The rear end of each sleeve tube 31 (FIG. 9) can be removably secured to the shell rear by telescoped, rotatable, keeper stubs 36 which are pivotally attached to the lower ends of stanchions 28 (FIG. 9). The outer diameter of the rotational stubs 36 is slightly smaller than the inside diameter of the open end of the sleeve tubes 31, allowing adjustable coupling. Stanchions 28 are permanently pivoted to the underside of cover 17. The lower ends of stanchions 28 are then positioned upon the lower keeper brackets 41 (FIG. 9) which support the assembly. Quick release pins 34 removably couple stanchions 28 to keeper brackets 41. Suitable lower orifices in the stanchions 28 register with holes in the keeper brackets 41 to allow correct positioning and securement of the pins 34. In this manner the cover 17 is removably yet securely attached to the shell 18 when elevated. Snap cap buttons 35 are affixed to stanchions 28 to secure the rearward ends of the sidewalls 22 which contain snap caps 26.
To raise the cover 17 from the closed aerodynamic position of FIGS. 1 and 2 and deploy it as in the transformed position of FIGS. 5 and 6, the cover will first assume the intermediate raised, opened roof position of FIGS. 3 and 4. First, the user unfastens locks 24 (i.e., FIG. 3). With the subsequent manual application of upward pressure to the rear of cover 17 adjacent tailgate 15, lifting follows against slight resistance from stabilizer struts 23. Cover 17 rotates about hinges 33 (FIG. 8) and can thus be moved to a height the approximate level of the roof of the truck cab 11 (i.e., FIGS. 3, 4). (When the cover 17 is disposed in its aerodynamic position, or if it is completely removed from the assembly as in FIG. 7, the rear hatch 25 and the sidewalls 22 can remain in the unfurled stowed position beneath cover 17.)
Next, the user foldably deploys the nested or retracted stanchions 28 from their previous stowed positions beneath cover 17. Stanchions 28 unfold beneath cover 17 and drop into a substantially vertical position where they can be placed atop brackets 41. The user should interconnect the sleeve tubes 31, nested within cradles 51, to the stanchions 28 by inserting keeper stubs 36 coaxially into the open rear ends of the lower sleeve tubes 31 (FIG. 9). Stubs 36 are permanently pivoted to the bottoms of stanchions 28. The stanchions 28 can then be secured upon and releasably attached to brackets 41 (FIG. 9) by pins 34 (FIG. 9) that are inserted through correctly aligned orifices. Keeper brackets 41 are permanently secured to the rear inside edges of the shell walls towards the rear of the truck (i.e., FIG. 8).
After cover 17 is raised, the sidewalls 22 and hatch 25 can be conveniently lowered from their prior stowed position and unfurled for deployment. Ends of both of the fabric sidewalls 22 are wrapped around the stanchions 28 and secured with snap caps 26, which are attached to snap cap buttons 35. For example, when the cover 17 is positioned as in FIG. 8, hatch 25 and sidewalls 22 can be dropped into a position for fastening. After snap caps 26 discussed above are snapped to the stanchions 28 to secure the rear of sidewalls 22, zippers 39 are closed to secure the deployed hatch 25 to the sidewall ends (i.e., FIG. 5).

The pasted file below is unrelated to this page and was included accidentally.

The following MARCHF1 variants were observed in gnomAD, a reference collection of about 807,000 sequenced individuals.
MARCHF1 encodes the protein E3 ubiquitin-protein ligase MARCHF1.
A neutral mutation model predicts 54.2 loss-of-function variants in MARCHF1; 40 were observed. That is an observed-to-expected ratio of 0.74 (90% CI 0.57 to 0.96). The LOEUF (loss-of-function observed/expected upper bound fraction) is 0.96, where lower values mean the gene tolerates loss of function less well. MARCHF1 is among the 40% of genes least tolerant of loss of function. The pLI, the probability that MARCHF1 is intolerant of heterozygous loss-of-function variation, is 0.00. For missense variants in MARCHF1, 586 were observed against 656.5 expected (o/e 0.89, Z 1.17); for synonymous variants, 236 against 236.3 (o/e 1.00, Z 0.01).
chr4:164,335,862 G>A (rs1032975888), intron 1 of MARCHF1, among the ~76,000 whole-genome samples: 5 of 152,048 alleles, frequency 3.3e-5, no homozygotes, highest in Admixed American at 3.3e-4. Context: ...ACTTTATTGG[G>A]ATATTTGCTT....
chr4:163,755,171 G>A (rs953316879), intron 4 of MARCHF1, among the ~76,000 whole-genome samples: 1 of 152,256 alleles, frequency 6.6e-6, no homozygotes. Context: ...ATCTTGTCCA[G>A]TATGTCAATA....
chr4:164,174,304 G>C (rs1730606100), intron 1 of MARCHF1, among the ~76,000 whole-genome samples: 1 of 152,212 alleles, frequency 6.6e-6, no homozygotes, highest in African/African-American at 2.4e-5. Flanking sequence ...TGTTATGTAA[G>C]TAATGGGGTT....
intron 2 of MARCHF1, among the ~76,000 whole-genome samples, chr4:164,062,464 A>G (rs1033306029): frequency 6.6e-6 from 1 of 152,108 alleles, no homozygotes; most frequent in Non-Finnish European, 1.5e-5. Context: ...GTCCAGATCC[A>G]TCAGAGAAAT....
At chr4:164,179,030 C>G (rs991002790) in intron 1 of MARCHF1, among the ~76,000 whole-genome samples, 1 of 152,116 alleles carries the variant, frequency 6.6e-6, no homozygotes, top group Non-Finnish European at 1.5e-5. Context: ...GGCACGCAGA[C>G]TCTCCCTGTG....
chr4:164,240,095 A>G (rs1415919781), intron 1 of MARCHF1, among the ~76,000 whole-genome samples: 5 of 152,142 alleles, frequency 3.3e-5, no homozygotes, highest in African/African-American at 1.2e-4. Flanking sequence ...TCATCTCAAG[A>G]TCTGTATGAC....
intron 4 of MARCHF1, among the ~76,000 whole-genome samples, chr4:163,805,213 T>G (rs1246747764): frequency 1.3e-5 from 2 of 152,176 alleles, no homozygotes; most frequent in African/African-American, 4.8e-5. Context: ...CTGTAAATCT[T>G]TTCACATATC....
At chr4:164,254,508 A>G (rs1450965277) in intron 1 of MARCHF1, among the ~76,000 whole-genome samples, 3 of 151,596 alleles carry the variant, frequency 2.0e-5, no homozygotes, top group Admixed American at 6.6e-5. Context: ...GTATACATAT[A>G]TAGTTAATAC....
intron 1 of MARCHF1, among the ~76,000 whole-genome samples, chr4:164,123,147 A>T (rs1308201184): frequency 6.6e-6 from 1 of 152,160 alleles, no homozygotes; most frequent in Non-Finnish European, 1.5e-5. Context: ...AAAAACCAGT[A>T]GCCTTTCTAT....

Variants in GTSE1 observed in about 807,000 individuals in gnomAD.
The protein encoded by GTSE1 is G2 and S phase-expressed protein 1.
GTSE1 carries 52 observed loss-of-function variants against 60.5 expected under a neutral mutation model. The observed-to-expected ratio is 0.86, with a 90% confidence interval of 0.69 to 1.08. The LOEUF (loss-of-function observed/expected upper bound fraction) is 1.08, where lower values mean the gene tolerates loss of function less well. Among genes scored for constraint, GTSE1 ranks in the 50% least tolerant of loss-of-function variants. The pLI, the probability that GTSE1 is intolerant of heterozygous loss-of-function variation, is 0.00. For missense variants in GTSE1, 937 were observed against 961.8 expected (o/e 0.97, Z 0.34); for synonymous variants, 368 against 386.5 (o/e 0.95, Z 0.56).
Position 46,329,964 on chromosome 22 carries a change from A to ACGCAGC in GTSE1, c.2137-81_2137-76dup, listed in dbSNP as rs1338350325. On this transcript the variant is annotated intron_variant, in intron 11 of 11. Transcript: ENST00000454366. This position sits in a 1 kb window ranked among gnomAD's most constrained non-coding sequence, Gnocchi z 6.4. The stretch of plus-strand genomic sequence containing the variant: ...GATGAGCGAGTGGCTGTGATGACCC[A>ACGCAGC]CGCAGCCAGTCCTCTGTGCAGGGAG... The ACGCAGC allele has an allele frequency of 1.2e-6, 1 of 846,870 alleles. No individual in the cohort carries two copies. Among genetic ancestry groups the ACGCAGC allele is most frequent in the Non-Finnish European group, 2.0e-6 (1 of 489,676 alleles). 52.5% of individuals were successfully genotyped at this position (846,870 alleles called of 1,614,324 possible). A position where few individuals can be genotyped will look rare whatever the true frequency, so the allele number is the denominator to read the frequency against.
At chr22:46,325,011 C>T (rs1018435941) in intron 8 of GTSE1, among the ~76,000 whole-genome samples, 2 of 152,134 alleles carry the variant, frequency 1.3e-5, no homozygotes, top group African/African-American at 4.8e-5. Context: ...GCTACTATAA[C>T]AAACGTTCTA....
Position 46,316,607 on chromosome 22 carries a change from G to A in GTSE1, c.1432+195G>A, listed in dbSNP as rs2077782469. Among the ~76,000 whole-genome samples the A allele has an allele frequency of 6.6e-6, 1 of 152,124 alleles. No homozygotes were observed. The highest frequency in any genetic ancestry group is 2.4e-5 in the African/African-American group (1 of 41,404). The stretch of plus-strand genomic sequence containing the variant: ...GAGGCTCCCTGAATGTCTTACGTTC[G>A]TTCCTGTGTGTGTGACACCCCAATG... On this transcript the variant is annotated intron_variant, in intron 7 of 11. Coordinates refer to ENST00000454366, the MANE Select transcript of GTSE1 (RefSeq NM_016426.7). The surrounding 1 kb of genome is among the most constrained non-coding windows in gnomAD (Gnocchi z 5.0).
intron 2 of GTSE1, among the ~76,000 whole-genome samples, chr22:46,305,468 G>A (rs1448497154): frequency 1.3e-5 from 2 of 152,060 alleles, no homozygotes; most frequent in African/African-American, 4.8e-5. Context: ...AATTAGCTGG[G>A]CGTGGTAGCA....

The cover assembly 16 has now undergone the full process to be positioned in the fully transformed configuration of FIG. 8. The user is able to operate the host pickup truck at sustained freeway speeds. To return to the closed Aerodynamic position of FIG. 1, the process is reversed. After detaching the hatch, the sidewalls and rear pins 34 and positioning them out-of-the way, the cover is manually pushed gently downwardly against moderate resistance from struts 23. Locks 24 can then be activated.
The user can optionally remove cover 17 from the truck cap shell 18 to facilitate the transportation of oversized cargo that, for example, might be higher than the roof of cab 11. First, the user opens the cover 17 as described above, from a closed aerodynamic position to a partially raised roof open position. Once the truck cap cover 17 is in the raised position with the fabric sidewalls 22 and the fabric rear hatch 25 still in the stowed positions underneath the truck cap cover 17, stabilizer struts 23 are disconnected from ball studs 42. The user then removes the front quick release pins 34 from the hinges 33 (FIG. 8), freeing the cover 17, with the sidewalls 22, sleeves tubes 31, hanger 27, stanchions 28, and the rear hatch 25 remaining attached to cover 17. The truck cap shell 18 remains fastened to the truck bed 12.
From the foregoing, it will be seen that this invention is one well adapted to obtain all the ends and objects herein set forth, together with other advantages which are inherent to the structure.
It will be understood that certain features and subcombinations are of utility and may be employed without reference to other features and subcombinations. This is contemplated by and is within the scope of the claims.
As many possible embodiments may be made of the invention without departing from the scope thereof, it is to be understood that all matter herein set forth or shown in the accompanying drawings is to be interpreted as illustrative and not in a limiting sense.
Patent applications by Brett Stuart Herndon, Little Rock, AR US
Patent applications in all subclasses Hinged